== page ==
Tuesday, March 31, 2009

Truth without Relationship

I heard Josh McDowell speak at Regent yesterday and his message struck a chord with me. http://tinyurl.com/clbczk The message was simple and straightforward...relationships matter. More specifically, a father's love of his children can transform their lives in astonishing ways. The corollary of course is true- the absence of love in a relationship can result in rebellion. Josh has long been known for this message, often stating "Rules without relationship leads to rebellion." He restates it helpfully, "Truth without relationship leads to rejection."

This relates to teaching kids responsible sexual behavior http://joshmcdowellmedia.org/FreeBooks/HowtoHelpYourChildSayNo.pdf

but I thought of it in connection with the academic endeavor. Where else do young people get such a massive injection of truth? The Christian academic context can often turn an anxious eye to the encroaching world, and in response, "dump the truck" of truth. Parents and teachers or youth leaders and college ministries can erect massive barriers of doctrine and approved behaviors only to find their students slipping under the fence to "greener grass" of wordly behavior. Is the answer better curriculum? Josh suggested that fundamentally, relationships underlie all of our behaviors, values and beliefs. If we want to see true life change in our students, we must risk personal involvement. We must love.

To be sure, today's litigious society makes personal involvement with students problematic. Appropriate boundaries should be observed. For instance, every teacher knows to observe proper physical boundaries (good touch, bad touch) but what about in cyberspace? Can or should a campus minister connect with students on Facebook or Twitter? If so, how much? Can these natural arenas of student connection be used for Christian love and encouragement? I think so--but what are appropriate limits?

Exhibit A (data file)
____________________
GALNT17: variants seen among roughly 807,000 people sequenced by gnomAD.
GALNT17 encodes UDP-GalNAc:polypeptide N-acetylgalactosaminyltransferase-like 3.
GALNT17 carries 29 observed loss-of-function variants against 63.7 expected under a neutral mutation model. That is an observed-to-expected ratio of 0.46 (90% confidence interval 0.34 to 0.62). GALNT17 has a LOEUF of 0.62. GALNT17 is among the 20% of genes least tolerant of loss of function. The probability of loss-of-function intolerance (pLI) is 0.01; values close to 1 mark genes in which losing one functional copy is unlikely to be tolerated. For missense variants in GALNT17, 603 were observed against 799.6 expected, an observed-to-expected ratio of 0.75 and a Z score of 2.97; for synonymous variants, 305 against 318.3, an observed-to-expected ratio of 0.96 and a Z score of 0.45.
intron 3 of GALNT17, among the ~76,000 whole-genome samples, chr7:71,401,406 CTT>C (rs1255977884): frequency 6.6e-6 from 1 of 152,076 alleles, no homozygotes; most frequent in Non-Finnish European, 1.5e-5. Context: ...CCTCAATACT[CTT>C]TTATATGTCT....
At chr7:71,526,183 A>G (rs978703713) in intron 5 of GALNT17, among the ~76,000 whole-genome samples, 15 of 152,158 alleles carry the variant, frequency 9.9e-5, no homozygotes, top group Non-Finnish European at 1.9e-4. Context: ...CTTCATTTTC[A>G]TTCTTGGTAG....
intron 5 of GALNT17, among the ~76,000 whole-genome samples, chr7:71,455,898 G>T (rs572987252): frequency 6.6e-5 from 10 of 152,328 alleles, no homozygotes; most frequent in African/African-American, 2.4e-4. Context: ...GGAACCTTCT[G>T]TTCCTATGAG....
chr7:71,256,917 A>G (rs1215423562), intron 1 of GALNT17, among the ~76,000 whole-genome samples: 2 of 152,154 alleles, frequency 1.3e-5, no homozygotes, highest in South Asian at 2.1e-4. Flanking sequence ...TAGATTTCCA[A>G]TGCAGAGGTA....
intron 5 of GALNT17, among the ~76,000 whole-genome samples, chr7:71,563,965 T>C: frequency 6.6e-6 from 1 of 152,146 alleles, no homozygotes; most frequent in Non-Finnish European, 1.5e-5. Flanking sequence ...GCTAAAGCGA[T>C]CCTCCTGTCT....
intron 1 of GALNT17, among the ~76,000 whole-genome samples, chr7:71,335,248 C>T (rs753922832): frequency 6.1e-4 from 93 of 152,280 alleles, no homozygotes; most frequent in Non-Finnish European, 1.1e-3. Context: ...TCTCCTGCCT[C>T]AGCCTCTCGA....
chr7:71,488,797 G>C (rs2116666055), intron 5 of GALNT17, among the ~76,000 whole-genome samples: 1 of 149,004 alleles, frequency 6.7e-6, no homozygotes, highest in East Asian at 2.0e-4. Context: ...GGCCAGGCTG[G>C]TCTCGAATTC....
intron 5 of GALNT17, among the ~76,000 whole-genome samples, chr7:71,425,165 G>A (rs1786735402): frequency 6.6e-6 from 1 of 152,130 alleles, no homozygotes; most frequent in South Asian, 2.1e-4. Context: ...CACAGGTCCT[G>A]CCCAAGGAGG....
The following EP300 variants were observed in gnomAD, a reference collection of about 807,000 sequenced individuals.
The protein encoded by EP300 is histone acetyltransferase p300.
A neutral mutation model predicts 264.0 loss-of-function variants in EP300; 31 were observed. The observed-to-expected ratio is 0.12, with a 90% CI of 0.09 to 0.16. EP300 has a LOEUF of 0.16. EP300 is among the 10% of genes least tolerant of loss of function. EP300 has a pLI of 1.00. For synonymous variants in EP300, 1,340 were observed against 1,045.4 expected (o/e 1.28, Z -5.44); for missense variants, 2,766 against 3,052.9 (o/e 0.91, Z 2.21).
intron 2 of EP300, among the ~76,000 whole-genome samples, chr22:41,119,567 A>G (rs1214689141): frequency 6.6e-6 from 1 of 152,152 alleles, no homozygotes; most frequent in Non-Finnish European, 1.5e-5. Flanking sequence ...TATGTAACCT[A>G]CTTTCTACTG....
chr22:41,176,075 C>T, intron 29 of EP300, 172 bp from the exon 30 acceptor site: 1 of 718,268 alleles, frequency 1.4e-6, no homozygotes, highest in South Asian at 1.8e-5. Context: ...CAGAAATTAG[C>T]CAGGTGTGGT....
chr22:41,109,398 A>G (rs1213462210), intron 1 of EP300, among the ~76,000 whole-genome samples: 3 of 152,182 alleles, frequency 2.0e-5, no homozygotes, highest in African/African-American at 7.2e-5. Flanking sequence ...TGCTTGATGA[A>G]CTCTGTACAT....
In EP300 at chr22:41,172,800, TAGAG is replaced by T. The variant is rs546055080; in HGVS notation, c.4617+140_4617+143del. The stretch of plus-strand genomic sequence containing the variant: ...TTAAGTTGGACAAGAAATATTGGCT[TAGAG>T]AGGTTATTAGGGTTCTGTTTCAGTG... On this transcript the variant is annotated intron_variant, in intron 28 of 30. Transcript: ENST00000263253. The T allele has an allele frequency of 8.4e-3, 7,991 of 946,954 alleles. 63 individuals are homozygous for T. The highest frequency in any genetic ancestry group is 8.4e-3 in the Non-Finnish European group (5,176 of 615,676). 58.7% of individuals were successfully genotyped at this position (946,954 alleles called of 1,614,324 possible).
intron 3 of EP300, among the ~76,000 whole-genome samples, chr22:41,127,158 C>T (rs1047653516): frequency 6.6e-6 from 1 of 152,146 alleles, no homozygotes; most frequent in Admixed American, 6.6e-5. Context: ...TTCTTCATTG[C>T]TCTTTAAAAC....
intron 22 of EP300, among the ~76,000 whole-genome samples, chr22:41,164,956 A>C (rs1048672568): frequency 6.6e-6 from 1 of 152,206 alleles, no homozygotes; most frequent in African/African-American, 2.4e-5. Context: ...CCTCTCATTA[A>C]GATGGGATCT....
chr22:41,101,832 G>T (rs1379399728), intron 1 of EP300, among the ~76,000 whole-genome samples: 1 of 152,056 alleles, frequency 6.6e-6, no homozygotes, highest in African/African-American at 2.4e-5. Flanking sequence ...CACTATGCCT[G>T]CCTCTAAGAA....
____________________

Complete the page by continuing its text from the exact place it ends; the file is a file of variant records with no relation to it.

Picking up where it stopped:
To explore the thought further, I recall those teachers and pastors who made the most impact on my life were the ones who went beyond the classroom and made room for me in their lives. I think of lunches and hikes and simple family time that were the true classrooms where I studied. How does a husband respond to his wife? What does appropriate discipline look like? How does one say "no" without hurting feelings? All these lessons went beyond the classroom to personal discipleship and mentoring. I feel that I owe a huge debt to men like Bill Warrick, Dick Woodward, David Holmes, Harold "OJ" Brown, J. Rodman Williams, Joseph Umidi. They invested in me far more than truth--they dared to love me even in my immaturity and brash bravado.

So for what it's worth, I'm trying to give back. To share truth in relationship. What about you? Who invested in you? And then in turn, who are you sharing your life with that they might grow to be all God created them to be? That's what Josh was talking about, and I pray it resonates with us all.

Thursday, March 26, 2009

Do the Most Good...